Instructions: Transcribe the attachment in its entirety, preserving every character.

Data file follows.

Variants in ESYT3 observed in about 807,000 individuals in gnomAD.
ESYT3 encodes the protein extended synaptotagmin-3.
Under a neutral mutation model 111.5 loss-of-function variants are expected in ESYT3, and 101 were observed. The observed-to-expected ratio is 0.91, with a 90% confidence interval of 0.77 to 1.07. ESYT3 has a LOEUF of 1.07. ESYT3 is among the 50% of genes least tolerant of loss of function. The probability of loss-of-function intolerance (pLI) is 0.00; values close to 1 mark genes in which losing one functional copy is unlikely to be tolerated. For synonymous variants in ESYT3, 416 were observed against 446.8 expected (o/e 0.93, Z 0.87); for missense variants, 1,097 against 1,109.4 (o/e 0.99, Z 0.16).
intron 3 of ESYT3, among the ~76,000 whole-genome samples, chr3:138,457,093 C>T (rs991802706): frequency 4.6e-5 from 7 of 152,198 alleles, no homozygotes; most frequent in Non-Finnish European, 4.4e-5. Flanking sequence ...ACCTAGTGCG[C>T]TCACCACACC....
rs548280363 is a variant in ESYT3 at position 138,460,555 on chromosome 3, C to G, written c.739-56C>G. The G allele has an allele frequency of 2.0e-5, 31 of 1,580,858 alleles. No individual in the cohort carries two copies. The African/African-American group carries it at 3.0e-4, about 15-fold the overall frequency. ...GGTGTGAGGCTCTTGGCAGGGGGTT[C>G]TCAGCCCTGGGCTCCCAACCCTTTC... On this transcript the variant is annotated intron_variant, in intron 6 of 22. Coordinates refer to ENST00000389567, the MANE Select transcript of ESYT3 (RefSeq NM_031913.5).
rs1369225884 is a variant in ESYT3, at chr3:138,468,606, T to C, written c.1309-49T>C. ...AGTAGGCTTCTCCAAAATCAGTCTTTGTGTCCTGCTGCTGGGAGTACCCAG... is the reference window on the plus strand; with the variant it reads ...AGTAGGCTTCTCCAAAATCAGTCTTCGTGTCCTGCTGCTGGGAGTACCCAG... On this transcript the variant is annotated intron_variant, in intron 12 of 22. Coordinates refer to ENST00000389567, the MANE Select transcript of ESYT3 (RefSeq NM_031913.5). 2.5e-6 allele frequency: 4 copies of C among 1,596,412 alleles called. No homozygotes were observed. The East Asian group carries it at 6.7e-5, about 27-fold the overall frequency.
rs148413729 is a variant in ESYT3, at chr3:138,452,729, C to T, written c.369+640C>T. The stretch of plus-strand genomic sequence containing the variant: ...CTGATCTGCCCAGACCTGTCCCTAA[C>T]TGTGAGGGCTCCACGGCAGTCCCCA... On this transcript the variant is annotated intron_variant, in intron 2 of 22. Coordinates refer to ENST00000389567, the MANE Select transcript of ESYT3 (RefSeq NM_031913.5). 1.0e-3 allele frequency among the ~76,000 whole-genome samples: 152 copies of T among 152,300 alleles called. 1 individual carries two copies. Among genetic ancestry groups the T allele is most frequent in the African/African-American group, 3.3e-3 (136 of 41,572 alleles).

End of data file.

Variants in ESYT3 observed in about 807,000 individuals in gnomAD.
ESYT3 encodes the protein extended synaptotagmin-3.
Under a neutral mutation model 111.5 loss-of-function variants are expected in ESYT3, and 101 were observed. The observed-to-expected ratio is 0.91, with a 90% confidence interval of 0.77 to 1.07. ESYT3 has a LOEUF of 1.07. ESYT3 is among the 50% of genes least tolerant of loss of function. The probability of loss-of-function intolerance (pLI) is 0.00; values close to 1 mark genes in which losing one functional copy is unlikely to be tolerated. For synonymous variants in ESYT3, 416 were observed against 446.8 expected (o/e 0.93, Z 0.87); for missense variants, 1,097 against 1,109.4 (o/e 0.99, Z 0.16).
intron 3 of ESYT3, among the ~76,000 whole-genome samples, chr3:138,457,093 C>T (rs991802706): frequency 4.6e-5 from 7 of 152,198 alleles, no homozygotes; most frequent in Non-Finnish European, 4.4e-5. Flanking sequence ...ACCTAGTGCG[C>T]TCACCACACC....
rs548280363 is a variant in ESYT3 at position 138,460,555 on chromosome 3, C to G, written c.739-56C>G. The G allele has an allele frequency of 2.0e-5, 31 of 1,580,858 alleles. No individual in the cohort carries two copies. The African/African-American group carries it at 3.0e-4, about 15-fold the overall frequency. ...GGTGTGAGGCTCTTGGCAGGGGGTT[C>G]TCAGCCCTGGGCTCCCAACCCTTTC... On this transcript the variant is annotated intron_variant, in intron 6 of 22. Coordinates refer to ENST00000389567, the MANE Select transcript of ESYT3 (RefSeq NM_031913.5).
rs1369225884 is a variant in ESYT3, at chr3:138,468,606, T to C, written c.1309-49T>C. ...AGTAGGCTTCTCCAAAATCAGTCTTTGTGTCCTGCTGCTGGGAGTACCCAG... is the reference window on the plus strand; with the variant it reads ...AGTAGGCTTCTCCAAAATCAGTCTTCGTGTCCTGCTGCTGGGAGTACCCAG... On this transcript the variant is annotated intron_variant, in intron 12 of 22. Coordinates refer to ENST00000389567, the MANE Select transcript of ESYT3 (RefSeq NM_031913.5). 2.5e-6 allele frequency: 4 copies of C among 1,596,412 alleles called. No homozygotes were observed. The East Asian group carries it at 6.7e-5, about 27-fold the overall frequency.
rs148413729 is a variant in ESYT3, at chr3:138,452,729, C to T, written c.369+640C>T. The stretch of plus-strand genomic sequence containing the variant: ...CTGATCTGCCCAGACCTGTCCCTAA[C>T]TGTGAGGGCTCCACGGCAGTCCCCA... On this transcript the variant is annotated intron_variant, in intron 2 of 22. Coordinates refer to ENST00000389567, the MANE Select transcript of ESYT3 (RefSeq NM_031913.5). 1.0e-3 allele frequency among the ~76,000 whole-genome samples: 152 copies of T among 152,300 alleles called. 1 individual carries two copies. Among genetic ancestry groups the T allele is most frequent in the African/African-American group, 3.3e-3 (136 of 41,572 alleles).